Currently, about 20 percent of Germany’s arable land is used for biogas, with 20 percent used to grow food, and 60 percent for animal fodder. But in the last seven years, almost 20,000 biogas jobs have disappeared, leaving 44,000 employed in the sector.

“Biogas in Germany is as good as dead,” says Jörg Meyer zu Strohe, CEO of PlanET, one of the biggest and oldest biogas plant constructors in Germany. The company now operates almost entirely outside Germany, mostly in France and Belgium.

However, experts still see biofuels as a crucial part of a sustainable energy system. Unlike solar and wind power, it’s dependable and helps even out gaps. The International Energy Agency says biogas could become more important as countries phase out nuclear power.

Environmental downsides

But there are ecological downsides to the sector, not least because it encourages monocultures. Although corn is the most productive biogas crop, there are strict limits on how much corn farmers can grow.

Endres grows a mixed batch of biofuel crops, including 30 percent corn, but also grass, rye and turnips. Manure from cows, chickens and pigs also flows into the process. The heat generated by the stinking fermentation powers seven houses and some public buildings, as well as his own farm facilities.

In spite of his financial difficulties, Endres still believes in biogas. But now he faces a new obstacle: To qualify for the government’s tenders, he would have to upgrade his plant. For many small farmers, that investment is more than they can afford.

So it could be the end of the harvest for more small biofuel farmers. Meyer zu Strohe says he expects half of Germany’s biofuel facilities to disappear after 2021, with considerable loss of flexibility in the energy system.

The future of biofuel now lies in the hands of politicians, who must soon make yet more decisions about the sustainability of the sector. “We just hope they don’t completely let us down,” Endres says.

Pubblicato in: Economia e Produzione Industriale, Energie Alternative

Automobili elettriche. Costi/benefici. Qualche conto. – Bloomberg.

Giuseppe Sandro Mela.

2018-11-02.

201811-01__Auto_Elettriche__001

Se si riuscisse a poter fare un discorso serio, non inquinato da infiltrazioni politiche oppure ideologiche, si potrebbero fare ragionamenti altrettanto seri sulle automobili elettriche.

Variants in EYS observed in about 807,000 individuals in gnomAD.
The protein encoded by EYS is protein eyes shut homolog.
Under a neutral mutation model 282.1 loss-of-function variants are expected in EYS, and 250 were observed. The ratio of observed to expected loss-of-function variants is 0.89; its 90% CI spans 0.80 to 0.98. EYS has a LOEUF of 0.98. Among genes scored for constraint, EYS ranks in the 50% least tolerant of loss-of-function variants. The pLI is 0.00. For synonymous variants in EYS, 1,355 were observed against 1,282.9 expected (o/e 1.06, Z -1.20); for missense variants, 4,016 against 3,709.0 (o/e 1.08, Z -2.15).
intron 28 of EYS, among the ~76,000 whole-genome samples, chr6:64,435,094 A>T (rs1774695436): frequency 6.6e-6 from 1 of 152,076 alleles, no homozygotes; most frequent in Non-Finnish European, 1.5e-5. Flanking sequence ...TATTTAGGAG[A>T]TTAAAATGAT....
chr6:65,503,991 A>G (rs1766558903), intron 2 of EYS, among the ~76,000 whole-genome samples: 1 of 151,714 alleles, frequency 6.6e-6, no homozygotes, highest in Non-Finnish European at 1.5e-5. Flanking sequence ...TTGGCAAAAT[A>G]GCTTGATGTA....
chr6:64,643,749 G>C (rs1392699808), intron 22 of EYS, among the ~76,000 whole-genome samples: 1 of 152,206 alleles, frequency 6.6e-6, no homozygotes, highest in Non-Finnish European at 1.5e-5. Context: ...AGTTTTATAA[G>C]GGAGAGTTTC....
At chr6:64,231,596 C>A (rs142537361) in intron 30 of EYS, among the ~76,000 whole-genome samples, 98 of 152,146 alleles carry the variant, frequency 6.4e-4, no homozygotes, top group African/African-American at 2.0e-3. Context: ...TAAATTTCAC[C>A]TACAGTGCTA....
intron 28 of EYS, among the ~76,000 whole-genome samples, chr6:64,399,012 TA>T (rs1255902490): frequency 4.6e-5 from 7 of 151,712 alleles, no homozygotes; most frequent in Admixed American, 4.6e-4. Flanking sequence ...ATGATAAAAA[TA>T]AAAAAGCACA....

Sotto queste condizioni, grande cura dovrebbe essere riposta nel cercare di evitare di emettere sentenze che contengano mezze verità. Spesso è più pericolosa e fuorviante una mezza verità di una menzogna, che almeno è più facilmente riconoscibile. Il risultato di contabilità parziali può essere anche seriamente ingannatore.

Bloomberg pubblica un interessante articolo che compara il fabbisogno energetico di un mezzo che si sposti per mille miglia da New York fino a Daytona Beach: i risultati sono riportati in figura e nell’articolo allegato.

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Sono dati interessanti, che richiederebbero altri dati ad integrazione.

Non segnaliamo questo per denigrare l’articolo, che invece apprezziamo, ma solo per constatare come la contabilità dei costi non possa fermarsi solo ad alcune voci.

– La produzione di corrente elettrica necessita di impianti produttivi, le centrali elettriche, i costi delle quali sono, nell’ordine, la costruzione, la tenuta in manutenzione, la tenuta in produzione, i costi del combustibile usato e la dispersione negli elettrodotti. A conti fatti una centrale anche a costo di costruzione zero ma che utilizzasse combustibili costosi potrebbe essere meno conveniente di altre soluzioni. Ciò che conta è il costo finale del Kw, omnicomprensivo di tutti gli oneri.

– Un’altra caratteristica di non poca importanza è l’affidabilità dell’impianto. La produzione industriale avviene in determinate fasce orarie, e queste condizionano le richieste di elettricità. La Baviera, per esempio, sfrutta abilmente questi fattori: l’Austria importa nottetempo dai paesi dell’est energia elettrica generata da impianti nucleari e la utilizza per riempire i bacini idrici delle centrali idroelettriche, che di giorno possono quindi generare corrente da esportare ale industrie bavaresi. Si attua una grande economica di scala, razionalizzando la produzione.

– È invalso l’uso di denominare ‘rinnovabili’ le energie alternative. Questo ultimo aggettivo apparirebbe essere ben più proprio. A costo di sembrare brutalmente lapalissiani, non eiste energia solare senza la luce del sole né esiste energia eolica senza vento. Ma la produzione energetica di una nazione non può affidarsi alla presenza di luce e di vento: gli impianti devono produrre anche al buio oppure in condizioni di bonaccia.  In questo l’articolo è molto chiaro:

«Calculating carbon emissions from wind and solar is a bit trickier. Neither emit any carbon dioxide in the course of producing electricity on a daily basis. But unless they’re paired with adequate energy storage — and most existing renewable generation isn’t — carbon-emitting generation has to make up for them whenever the sun isn’t shining or the wind isn’t blowing.»

– Per quanto riguarda le autovetture, ciò che interessa è il loro costo di acquisto e quello di manutenzione, cui aggiungere ovviamente quello della corrente utilizzata. Ma questo non estingue i costi totali. Al momento attuale le automobili elettriche hanno una autonomia alquanto limitata e necessitano di ore per la ricarica delle batterie. Se questo fattore potrebbe essere di minore interesse per il privato in ferie, una sosta potrebbe anche fare piacere, diventa invece un severo costo aggiuntivo per chiunque usi la autovettura a scopi commerciali.